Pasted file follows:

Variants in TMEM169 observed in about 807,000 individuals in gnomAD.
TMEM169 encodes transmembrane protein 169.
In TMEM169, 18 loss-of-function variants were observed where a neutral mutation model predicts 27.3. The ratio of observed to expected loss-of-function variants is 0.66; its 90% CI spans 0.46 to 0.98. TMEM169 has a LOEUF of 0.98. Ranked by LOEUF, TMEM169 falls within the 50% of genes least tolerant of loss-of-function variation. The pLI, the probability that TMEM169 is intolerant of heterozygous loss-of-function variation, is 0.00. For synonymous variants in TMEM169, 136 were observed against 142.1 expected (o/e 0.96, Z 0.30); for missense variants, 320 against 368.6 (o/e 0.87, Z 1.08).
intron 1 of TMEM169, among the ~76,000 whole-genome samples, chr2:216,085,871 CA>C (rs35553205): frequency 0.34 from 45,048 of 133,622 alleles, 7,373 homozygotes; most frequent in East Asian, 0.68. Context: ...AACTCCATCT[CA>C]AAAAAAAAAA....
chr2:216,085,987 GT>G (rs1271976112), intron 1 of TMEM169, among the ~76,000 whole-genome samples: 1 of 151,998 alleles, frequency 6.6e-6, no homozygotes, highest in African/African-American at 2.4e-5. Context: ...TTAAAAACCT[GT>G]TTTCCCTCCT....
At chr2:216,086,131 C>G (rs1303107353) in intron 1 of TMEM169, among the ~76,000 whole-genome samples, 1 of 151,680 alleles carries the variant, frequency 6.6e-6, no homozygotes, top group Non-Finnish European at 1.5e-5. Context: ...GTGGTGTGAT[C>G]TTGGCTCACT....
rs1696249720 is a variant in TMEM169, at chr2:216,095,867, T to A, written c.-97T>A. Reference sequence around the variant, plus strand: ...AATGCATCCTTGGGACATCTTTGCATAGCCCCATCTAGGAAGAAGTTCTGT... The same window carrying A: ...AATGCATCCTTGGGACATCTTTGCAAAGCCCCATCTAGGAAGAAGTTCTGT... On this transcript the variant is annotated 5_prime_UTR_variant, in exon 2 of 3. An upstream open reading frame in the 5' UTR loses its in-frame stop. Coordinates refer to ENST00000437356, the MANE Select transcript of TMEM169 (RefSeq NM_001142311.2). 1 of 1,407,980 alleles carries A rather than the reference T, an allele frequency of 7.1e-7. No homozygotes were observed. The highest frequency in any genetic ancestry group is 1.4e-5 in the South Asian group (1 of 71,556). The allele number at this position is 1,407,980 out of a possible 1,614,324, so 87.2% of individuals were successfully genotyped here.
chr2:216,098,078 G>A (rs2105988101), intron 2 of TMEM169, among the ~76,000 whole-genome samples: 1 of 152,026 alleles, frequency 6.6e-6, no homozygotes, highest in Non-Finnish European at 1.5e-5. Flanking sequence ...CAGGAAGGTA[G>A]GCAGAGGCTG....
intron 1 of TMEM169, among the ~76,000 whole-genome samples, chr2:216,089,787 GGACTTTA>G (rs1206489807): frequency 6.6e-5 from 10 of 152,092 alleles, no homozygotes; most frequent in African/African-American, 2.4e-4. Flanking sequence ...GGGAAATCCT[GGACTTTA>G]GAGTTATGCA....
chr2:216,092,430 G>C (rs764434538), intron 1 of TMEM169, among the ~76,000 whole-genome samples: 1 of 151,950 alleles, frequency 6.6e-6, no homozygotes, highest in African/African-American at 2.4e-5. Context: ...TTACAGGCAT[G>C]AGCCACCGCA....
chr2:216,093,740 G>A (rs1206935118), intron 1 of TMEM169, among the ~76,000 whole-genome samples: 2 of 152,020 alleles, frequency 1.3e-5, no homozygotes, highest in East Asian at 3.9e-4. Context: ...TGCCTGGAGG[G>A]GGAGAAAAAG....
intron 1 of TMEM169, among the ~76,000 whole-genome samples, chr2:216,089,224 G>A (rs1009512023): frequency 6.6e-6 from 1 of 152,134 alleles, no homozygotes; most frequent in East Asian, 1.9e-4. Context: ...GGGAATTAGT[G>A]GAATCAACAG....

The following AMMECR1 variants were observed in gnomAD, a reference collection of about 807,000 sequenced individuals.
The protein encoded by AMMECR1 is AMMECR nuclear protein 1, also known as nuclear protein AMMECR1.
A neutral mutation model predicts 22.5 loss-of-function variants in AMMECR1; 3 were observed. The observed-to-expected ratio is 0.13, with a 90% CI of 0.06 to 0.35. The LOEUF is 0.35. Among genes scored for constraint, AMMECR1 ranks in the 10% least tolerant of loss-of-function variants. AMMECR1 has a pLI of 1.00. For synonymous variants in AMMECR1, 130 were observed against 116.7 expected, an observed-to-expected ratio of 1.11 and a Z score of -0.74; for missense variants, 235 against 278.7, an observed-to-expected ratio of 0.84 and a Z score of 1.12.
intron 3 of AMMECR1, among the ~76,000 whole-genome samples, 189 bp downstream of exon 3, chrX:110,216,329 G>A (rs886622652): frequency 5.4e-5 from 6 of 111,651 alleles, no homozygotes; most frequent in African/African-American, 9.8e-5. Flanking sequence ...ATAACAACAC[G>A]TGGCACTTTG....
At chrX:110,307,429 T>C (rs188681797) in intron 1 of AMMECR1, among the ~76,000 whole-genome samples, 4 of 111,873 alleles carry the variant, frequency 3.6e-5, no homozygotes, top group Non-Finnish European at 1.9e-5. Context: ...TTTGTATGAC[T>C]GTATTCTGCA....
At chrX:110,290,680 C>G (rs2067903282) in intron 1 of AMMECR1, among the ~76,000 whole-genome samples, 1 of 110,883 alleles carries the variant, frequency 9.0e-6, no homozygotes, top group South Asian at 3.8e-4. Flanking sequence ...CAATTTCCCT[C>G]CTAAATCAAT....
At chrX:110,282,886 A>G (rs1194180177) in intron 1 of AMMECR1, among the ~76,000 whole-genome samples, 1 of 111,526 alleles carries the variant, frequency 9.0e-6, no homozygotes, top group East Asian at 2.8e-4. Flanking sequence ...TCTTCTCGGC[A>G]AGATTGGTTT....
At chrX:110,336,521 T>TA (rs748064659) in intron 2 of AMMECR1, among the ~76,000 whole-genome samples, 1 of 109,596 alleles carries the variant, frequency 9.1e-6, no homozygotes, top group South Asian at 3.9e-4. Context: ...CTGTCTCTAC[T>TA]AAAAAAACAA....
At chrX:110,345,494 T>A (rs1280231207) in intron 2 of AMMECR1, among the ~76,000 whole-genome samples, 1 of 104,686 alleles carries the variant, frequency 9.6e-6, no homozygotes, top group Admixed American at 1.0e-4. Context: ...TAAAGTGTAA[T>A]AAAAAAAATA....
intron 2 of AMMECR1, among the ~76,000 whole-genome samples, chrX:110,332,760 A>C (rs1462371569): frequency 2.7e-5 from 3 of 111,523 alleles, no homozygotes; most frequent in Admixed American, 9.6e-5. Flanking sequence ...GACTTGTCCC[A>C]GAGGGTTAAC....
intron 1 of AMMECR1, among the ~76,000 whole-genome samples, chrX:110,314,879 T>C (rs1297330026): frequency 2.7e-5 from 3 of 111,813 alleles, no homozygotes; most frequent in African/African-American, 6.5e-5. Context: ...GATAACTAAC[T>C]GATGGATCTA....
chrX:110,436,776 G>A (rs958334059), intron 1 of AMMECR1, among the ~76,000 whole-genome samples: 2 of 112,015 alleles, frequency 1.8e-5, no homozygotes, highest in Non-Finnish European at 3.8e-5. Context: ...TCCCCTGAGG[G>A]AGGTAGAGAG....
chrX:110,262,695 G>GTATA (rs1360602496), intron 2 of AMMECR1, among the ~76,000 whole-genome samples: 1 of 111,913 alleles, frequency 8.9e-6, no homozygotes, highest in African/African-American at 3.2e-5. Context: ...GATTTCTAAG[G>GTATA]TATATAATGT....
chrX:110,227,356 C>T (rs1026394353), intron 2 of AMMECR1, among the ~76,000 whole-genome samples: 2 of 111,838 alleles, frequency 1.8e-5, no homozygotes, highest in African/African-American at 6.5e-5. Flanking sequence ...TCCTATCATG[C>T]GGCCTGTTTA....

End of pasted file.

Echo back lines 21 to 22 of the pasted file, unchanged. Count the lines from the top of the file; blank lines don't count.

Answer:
At chrX:110,345,494 T>A (rs1280231207) in intron 2 of AMMECR1, among the ~76,000 whole-genome samples, 1 of 104,686 alleles carries the variant, frequency 9.6e-6, no homozygotes, top group Admixed American at 1.0e-4. Context: ...TAAAGTGTAA[T>A]AAAAAAAATA....
intron 2 of AMMECR1, among the ~76,000 whole-genome samples, chrX:110,332,760 A>C (rs1462371569): frequency 2.7e-5 from 3 of 111,523 alleles, no homozygotes; most frequent in Admixed American, 9.6e-5. Flanking sequence ...GACTTGTCCC[A>C]GAGGGTTAAC....